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J C Menon

The U.S. will sell 395 Lockheed Martin built AGM-114R2 HELLFIRE missiles to the U.K. for an estimated cost of US$46m in a possible Foreign Military Sale which will also include technical assistance, publications, integration support and other related elements of logistics and programme support.

This proposed sale will support the foreign policy and national security objectives of the U.S. by improving the security of a NATO Ally which is an important force for political stability and economic progress in Europe. It will also improve the U.K’s ability to meet current and future threats by replacing expiring and unserviceable missiles and maintaining capability to execute missions across a full range of military operations.

Asked about any offset conditions, a State Department official, which has approved the sale, informs that the purchaser typically requests offsets.  “Any offset agreement will be defined in negotiations between the purchaser and the contractor,” he adds.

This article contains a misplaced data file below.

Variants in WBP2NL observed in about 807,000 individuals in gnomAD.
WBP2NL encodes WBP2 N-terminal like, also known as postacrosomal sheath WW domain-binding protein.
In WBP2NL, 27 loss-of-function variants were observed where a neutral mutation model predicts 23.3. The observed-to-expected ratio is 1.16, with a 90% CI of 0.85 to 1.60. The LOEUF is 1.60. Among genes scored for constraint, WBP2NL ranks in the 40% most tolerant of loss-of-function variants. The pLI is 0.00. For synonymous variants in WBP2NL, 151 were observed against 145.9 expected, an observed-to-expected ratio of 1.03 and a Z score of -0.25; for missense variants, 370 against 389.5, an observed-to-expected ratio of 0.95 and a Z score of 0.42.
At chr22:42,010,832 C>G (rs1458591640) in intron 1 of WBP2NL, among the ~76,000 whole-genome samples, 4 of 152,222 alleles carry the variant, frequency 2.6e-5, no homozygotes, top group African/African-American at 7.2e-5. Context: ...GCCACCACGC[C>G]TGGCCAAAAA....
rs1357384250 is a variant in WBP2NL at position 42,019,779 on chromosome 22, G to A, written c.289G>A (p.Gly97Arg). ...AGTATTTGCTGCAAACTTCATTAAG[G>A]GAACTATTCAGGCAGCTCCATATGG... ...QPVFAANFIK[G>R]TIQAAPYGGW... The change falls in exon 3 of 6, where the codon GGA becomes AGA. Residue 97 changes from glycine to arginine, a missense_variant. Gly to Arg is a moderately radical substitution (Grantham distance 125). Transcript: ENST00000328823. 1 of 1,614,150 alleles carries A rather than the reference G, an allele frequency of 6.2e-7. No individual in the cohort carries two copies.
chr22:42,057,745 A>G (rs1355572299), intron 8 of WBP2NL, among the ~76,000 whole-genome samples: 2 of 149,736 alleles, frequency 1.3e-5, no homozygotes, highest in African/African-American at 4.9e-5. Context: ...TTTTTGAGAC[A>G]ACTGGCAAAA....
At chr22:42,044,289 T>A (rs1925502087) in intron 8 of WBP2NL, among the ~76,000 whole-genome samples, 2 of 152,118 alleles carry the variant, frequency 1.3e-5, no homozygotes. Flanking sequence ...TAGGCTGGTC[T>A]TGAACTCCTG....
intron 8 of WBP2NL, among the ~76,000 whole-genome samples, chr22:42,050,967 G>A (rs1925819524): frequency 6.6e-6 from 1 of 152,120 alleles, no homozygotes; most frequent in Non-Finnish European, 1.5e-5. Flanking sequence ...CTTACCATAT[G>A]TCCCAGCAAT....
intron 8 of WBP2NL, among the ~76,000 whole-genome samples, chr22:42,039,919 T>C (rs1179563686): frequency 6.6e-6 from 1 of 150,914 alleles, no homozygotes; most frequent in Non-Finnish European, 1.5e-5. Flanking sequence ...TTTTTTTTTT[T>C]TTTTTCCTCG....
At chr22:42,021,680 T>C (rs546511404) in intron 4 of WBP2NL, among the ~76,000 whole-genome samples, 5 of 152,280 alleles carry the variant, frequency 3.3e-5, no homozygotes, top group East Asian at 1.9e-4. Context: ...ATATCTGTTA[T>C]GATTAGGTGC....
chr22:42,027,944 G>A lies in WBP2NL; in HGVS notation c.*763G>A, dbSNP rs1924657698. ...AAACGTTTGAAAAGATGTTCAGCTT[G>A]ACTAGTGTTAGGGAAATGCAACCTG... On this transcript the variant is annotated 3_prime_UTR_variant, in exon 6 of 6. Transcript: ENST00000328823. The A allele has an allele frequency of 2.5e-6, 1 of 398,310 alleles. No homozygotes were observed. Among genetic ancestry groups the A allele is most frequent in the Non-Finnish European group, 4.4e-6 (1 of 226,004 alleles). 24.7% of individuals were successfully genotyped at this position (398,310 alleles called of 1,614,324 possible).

The HELLFIRE(R) II Modular Missile System family provides multi-mission, multi-target capability with precision-strike lethality and fire-and-forget survivability. It is the primary air-to-ground precision weapon for the U.S. military as well as the armed forces of 16 other nations.

The HELLFIRE family includes three precision-strike variations using a semi-active laser (SAL) seeker to home in on the target:

  • the high- explosive anti-tank (HEAT) missile (AGM-114K), which defeats all known and projected armoured threats
  • the blast fragmentation missile (AGM-114M), which defeats “soft” targets such as buildings, bunkers, light-armoured vehicles and caves
  • the metal augmented charge (MAC), or “thermobaric” Hellfire (AGM-114N), which defeats enclosures and enemy personnel housed therein, with minimal collateral damage.
  • the fourth variant is the millimeter-wave (MMW) radar Longbow Hellfire (AGM-114L), which provides fire- and-forget and adverse weather capability.

All four variants have been used successfully in Afghanistan and Iraq, with more than 1,000 missiles fired to date.